With the 7.62×39 Polish Beryl inspired rifle otherwise complete, it was time to install the fire control group, optics rail and the furniture. This post will focus on these elements.
The Fire Control Group (FCG)
For some time now I have heard how good the ALG triggers are. I have grown very accustomed to Tapco G2 triggers over the years and know how to tune them but reports were coming in about their not being in accordance with Russian design specifications so this prompted me to try the ALG AK Trigger with Lightning Bow (AKT-EL).
The trigger comes with a spring booster if you want a heavier pull but I wanted the lighter pull. Wow – this trigger blew me away. It installed the same as any other AK trigger.
I would recommend something to them and to you though – make a quick slave pin or capture pin that you can use to assemble the trigger assembly outside of the rifle, lower it in and then press it out of the way when you install the actual pin. In my opinion, ALG should supply one with their trigger but you can make one from an old trigger pin, an old drill shank, whatever.
I didn’t even polish the FCG and just inserted it as-is. Seriously, I will never go back to Tapco. These ALGs are wickedly good.
I do not like the original shepherd hook wire for securing the FCG pins and instead used an RSA plate. These have always worked for me.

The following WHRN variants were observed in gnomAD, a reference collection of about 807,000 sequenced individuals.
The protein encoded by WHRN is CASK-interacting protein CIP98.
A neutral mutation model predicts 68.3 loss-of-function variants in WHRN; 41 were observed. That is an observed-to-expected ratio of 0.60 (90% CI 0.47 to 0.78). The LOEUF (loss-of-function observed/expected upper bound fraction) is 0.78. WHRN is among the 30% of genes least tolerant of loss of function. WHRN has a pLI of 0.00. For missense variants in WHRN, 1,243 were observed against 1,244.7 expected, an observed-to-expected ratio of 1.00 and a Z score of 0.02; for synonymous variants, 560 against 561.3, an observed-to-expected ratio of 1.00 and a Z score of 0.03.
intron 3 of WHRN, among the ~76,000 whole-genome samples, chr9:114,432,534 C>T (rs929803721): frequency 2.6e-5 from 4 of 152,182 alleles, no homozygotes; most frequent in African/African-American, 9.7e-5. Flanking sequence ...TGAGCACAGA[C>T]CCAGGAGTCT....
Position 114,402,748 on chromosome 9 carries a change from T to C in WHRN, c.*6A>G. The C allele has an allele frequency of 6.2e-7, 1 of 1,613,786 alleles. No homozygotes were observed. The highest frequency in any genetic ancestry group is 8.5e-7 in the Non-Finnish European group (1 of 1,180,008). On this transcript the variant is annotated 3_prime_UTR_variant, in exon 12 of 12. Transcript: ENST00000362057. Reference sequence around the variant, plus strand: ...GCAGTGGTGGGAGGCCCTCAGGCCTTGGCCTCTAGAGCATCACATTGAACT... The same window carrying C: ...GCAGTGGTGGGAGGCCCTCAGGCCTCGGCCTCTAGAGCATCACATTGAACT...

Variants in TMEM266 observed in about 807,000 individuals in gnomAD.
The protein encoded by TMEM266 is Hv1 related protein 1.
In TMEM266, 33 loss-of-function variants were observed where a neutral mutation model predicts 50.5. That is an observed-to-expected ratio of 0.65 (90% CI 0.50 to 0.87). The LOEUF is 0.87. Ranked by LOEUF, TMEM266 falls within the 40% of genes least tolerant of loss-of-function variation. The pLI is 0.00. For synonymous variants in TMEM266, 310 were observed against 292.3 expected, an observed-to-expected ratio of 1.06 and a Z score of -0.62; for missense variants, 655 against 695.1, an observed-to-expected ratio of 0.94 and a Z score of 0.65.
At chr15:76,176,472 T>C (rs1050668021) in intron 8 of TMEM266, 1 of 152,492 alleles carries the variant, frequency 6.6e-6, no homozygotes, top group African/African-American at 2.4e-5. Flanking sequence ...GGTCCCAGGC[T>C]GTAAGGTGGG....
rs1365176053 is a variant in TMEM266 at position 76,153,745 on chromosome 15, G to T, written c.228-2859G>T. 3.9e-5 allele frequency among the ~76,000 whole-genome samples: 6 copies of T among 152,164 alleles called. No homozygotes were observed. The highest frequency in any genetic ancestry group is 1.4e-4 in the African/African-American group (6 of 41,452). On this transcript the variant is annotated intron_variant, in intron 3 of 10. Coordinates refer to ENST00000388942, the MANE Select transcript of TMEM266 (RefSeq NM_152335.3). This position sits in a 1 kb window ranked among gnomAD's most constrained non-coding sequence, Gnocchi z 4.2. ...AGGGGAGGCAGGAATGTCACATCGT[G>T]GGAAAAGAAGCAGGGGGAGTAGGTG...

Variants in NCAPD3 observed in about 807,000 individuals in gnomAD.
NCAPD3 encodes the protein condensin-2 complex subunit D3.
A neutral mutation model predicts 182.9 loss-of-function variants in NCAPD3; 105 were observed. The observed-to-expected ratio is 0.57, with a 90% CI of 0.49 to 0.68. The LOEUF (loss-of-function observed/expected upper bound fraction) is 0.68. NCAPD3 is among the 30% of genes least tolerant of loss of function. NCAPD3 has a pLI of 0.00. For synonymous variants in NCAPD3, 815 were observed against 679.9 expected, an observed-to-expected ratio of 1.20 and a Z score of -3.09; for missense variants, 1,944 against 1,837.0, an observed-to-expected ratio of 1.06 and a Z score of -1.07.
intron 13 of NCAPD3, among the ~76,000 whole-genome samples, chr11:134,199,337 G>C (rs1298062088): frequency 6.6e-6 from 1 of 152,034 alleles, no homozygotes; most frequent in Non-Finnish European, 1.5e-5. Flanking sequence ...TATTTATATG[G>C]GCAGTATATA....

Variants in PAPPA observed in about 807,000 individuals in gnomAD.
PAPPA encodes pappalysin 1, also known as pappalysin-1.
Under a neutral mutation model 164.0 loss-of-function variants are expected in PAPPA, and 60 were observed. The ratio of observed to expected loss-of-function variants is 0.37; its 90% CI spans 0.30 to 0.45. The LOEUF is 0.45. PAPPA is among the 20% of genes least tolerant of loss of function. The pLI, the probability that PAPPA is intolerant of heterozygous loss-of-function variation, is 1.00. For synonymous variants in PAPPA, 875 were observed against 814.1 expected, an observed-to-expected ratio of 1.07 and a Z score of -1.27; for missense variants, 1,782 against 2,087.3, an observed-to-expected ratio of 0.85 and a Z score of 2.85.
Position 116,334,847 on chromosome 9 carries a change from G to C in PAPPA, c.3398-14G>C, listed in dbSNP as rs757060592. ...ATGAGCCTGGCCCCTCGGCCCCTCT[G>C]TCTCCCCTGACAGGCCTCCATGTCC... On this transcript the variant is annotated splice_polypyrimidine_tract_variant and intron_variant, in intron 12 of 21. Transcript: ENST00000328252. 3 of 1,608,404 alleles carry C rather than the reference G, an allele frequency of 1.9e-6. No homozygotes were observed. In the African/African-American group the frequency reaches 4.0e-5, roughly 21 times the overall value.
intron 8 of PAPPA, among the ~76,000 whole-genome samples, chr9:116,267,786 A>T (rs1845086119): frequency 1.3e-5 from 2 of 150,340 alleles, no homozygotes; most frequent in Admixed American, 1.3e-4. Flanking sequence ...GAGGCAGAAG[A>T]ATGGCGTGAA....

In the next photos you can see the giant over-sized selector lever. It drives me nuts and will either get ground down or replace by a standard AKM lever. It’s totally up to you but I will not buy the extended mag release and selector lever again – they just are not my preference.
Our New Second Generation Polish Beryl Grip
At this point I installed one of our new Polish Beryl grips as well. They Beryl uses the typical grip nut that uses a 6mm diameter 1.0mm pitch grip screw.
The Optics Rail
The Beryl was the first AK-platform that I know of that had an integral optics rail that ran from the rear sight block (RSB) to the rear trunnion. It did not need the traditional AKM side mount optics rail.
Now the WBP kit I bought had a Weaver rail and they have since moved to the Picatinny standard – just FYI. I believe my rail is known as the POPC III.
I really did not know what to expect when I ordered the kit and was blown away by how the Poles did this. The rail is solid steel and built like a tank. It attaches to the RSB via two small grooves that are machined into the back just below the rear sight leaf.
It then locks onto a cylindrical protrusion on the rear trunnion.
This did take some minor fitting. I sanded off a bit from the front edge of the rail and rounded the cylinder just a tiny bit to help the above pictured hole slide into place. I went slow and test fit over and over. This thing locks up incredibly solid – literally zero play.
All that is left now is the furniture and the test firing.
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